2. Defendants further argue on cross-appeal that the trial court erred in failing to hold that OCGA § 36-1-21 is unconstitutional. "The Supreme Court shall be a court of review and shall exercise exclusive appellate jurisdiction in . . . all cases in which the constitutionality of a law, ordinance, or constitutional provision has been drawn in question. ..." Ga. Const., Art. VI, Sec. VI, Par. II. The appeals in this case were originally filed in this court, transferred by this court to the Supreme Court, and subsequently transferred back to this court. Since this court has no jurisdiction to consider a constitutional challenge to OCGA § 36-1-21, we must decline to address this argument raised by defendants. In re W. M. F., 180 Ga. App. 397 (349 SE2d 265) (1986).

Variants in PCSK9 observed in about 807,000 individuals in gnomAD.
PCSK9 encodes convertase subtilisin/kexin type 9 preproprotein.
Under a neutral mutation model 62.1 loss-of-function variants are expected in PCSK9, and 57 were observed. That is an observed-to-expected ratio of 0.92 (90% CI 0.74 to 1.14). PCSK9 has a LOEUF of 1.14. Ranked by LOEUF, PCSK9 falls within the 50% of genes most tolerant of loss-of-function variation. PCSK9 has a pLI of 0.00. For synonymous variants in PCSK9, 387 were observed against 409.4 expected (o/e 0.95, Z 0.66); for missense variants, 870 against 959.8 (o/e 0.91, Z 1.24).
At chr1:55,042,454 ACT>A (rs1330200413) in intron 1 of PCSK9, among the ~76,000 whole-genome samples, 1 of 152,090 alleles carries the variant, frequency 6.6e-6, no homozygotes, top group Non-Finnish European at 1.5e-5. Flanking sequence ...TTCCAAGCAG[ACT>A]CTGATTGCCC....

3. We next address the Board's contention in Case No. A93A1178 that the trial court erred in holding that the enactment of OCGA § 36-1-21 did not pro tanto repeal OCGA § 15-16-23. The Board argues that because these statutes are so repugnant to one another, the trial court's purported reconciliation of the two was error. The pertinent language of OCGA § 36-1-21 is set forth in Division 1. OCGA § 15-16-23 provides in pertinent part that "[s]heriffs are authorized in their discretion to appoint one or more deputies." As the parties correctly note, deeply embedded in our case law is the notion that the sheriff alone has the authority and power to appoint and fire deputies. "`Deputy sheriffs and deputy jailors are employees of the sheriff, whom the sheriffs alone are entitled to appoint or discharge. Board of Commissioners of Richmond County v. Whittle, 180 Ga. 166 (178 SE 534) [(1935)]. They have no duties save alone duties of the sheriff, which as his deputy and his agent they are by law authorized to perform. ... The sheriff, and not the county, is liable for the misconduct of his deputies. ... The tenure in employment of a deputy jailor or deputy sheriff is dependent, not alone upon the will of the sheriff whose employee he is and who may discharge him when he chooses, but also upon the re-election of the sheriff. Thus it is impossible for deputies to calculate with any degree of certainty when their employment will terminate. . . . [D]eputies perform duties of the *752 sheriff, which ceases when the sheriff leaves office. ...'" Employees Retirement System v. Lewis, 109 Ga. App. 476, 480-481 (136 SE2d 518) (1964). See also Drost v. Robinson, 194 Ga. 703, 710 (22 SE2d 475) (1942) (holding deputy sheriffs and jailers are employees of the sheriff only and the county is not liable for their misconduct).